Japan now has about 680,000 fewer workers than it needs for its economy to hum along at maximum capacity, a Credit Suisse analysis showed in a Sept. 30 note called “Estimating Potential Excess Demand for Labor.” But the shortage isn’t spread evenly. Japan has fewer doctors, nurses, caregivers, construction workers, transportation workers, hospitality workers and domestic workers than it needs. Take out the doctors and nurses, and most of those jobs are relatively low-skilled endeavors. Meanwhile, the country has an oversupply of business managers and manufacturing workers. Yet work visas are largely limited to people involved in “advanced specialized and technical activities,” such as business executives and manufacturing technicians, Credit Suisse said.
The Japanese government ignored that mismatch in a set of reforms proposed this summer, which made no mention of welcoming in the mostly low-skilled workers that Japan’s economy actually needs, but did include provisions that would make it even easier for “highly skilled foreign professionals” to immigrate by lowering minimum income standards and reducing the waiting period for obtaining permanent resident status from five years to three. In other words, Credit Suisse analysts argued, while the government did finally concede that the country needs to embrace immigration more wholeheartedly, it focused on the wrong kind of immigrant.
It’s far too late to hope that Japanese couples could solve the country’s demographic problem on their own. Though the 2012 birth rate was the highest since 1996, the increase only brought the number of children the average Japanese woman can expect to have over the course of her lifetime to 1.4. That’s not enough to replace the current population, and because the country is already graying fast, the death rate exceeds the birth rate. “Even a sharp rise in fertility rates would take at least 15 years to begin impacting the working-age population,” analysts noted.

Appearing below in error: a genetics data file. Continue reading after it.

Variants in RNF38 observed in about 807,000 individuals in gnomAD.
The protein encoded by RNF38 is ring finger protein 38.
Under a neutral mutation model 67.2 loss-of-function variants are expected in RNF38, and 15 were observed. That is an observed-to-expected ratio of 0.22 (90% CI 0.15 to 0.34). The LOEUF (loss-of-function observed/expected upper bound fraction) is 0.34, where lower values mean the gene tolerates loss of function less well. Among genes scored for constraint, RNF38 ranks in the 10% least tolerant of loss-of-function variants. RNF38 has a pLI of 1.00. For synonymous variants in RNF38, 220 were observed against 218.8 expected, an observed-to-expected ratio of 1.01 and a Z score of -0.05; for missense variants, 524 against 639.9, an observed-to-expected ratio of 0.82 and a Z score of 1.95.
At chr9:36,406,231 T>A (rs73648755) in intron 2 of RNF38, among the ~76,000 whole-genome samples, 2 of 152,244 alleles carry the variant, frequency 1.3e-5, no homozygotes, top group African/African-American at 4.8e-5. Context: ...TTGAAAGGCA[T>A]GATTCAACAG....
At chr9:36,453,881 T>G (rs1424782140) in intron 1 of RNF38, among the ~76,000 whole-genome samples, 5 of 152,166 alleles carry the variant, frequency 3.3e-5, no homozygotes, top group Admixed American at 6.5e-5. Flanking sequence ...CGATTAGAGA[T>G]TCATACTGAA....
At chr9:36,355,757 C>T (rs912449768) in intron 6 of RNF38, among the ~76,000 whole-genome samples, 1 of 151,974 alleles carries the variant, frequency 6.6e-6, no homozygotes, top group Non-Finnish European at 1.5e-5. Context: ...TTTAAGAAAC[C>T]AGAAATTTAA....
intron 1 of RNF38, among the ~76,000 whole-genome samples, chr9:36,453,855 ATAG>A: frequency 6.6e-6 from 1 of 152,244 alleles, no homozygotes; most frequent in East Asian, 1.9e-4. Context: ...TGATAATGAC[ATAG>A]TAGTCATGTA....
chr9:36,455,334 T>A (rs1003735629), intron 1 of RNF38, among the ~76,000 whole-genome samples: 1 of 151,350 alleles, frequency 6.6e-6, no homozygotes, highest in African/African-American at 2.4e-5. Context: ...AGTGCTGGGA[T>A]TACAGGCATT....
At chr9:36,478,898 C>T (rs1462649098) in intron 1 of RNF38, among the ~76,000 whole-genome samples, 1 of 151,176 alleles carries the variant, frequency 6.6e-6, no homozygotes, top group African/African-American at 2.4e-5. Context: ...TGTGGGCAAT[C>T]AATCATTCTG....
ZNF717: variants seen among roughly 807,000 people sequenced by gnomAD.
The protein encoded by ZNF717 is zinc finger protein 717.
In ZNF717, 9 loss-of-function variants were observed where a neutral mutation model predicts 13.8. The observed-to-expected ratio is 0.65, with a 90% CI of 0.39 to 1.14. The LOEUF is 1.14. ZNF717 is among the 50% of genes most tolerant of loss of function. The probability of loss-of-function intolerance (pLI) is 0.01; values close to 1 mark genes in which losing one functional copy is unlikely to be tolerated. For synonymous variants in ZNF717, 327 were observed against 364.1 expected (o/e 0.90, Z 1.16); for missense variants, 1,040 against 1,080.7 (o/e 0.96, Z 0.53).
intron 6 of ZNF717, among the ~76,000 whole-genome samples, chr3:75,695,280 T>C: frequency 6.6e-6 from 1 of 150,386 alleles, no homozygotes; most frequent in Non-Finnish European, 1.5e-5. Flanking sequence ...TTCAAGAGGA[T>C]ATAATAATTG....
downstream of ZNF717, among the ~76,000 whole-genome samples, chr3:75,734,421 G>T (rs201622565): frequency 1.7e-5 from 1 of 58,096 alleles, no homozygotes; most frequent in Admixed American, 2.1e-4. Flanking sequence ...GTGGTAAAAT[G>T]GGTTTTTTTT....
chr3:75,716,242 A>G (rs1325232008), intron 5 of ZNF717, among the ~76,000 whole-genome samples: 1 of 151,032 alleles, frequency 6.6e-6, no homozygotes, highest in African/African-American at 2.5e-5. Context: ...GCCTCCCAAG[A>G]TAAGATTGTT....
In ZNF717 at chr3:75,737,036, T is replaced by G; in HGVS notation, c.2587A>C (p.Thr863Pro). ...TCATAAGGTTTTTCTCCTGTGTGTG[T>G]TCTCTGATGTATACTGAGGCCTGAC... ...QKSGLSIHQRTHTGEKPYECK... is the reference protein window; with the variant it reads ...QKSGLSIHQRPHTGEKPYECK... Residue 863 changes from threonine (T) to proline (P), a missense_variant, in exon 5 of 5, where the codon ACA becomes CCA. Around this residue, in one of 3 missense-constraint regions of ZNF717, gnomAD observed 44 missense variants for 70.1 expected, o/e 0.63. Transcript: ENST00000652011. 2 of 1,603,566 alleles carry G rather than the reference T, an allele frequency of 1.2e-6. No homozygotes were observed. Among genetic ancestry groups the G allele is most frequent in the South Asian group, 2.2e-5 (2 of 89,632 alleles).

While the Japanese government has intervened plenty this year in an effort to end persistent deflation and stimulate the domestic economy in the short-term, they have failed to address the most obvious solution to a pressing long-term growth ceiling, which is to welcome the relatively unskilled and uneducated.
But Japan certainly isn’t alone in feeling skittish about being inundated with low-skilled workers. Jokes and political platforms devoted to fretting about an influx of Polish plumbers and Romanian construction workers are common in Western Europe, and some in the United States dream of building an impenetrable fence along the southern border to keep out the fruit-pickers, day laborers and dishwashers coming in from Mexico and Latin America. But for Japan, keeping out low-skilled immigrants will limit the country’s growth over the next 15 years – and stimulus may not be enough to fix that.
Graphs from Credit Suisse report entitled, “Japan’s Potential Growth Rate Set to Slip into Negative Territory.”
Photo of Japanese Prime Minister Shinzo Abe courtesy of 360b via Shutterstock.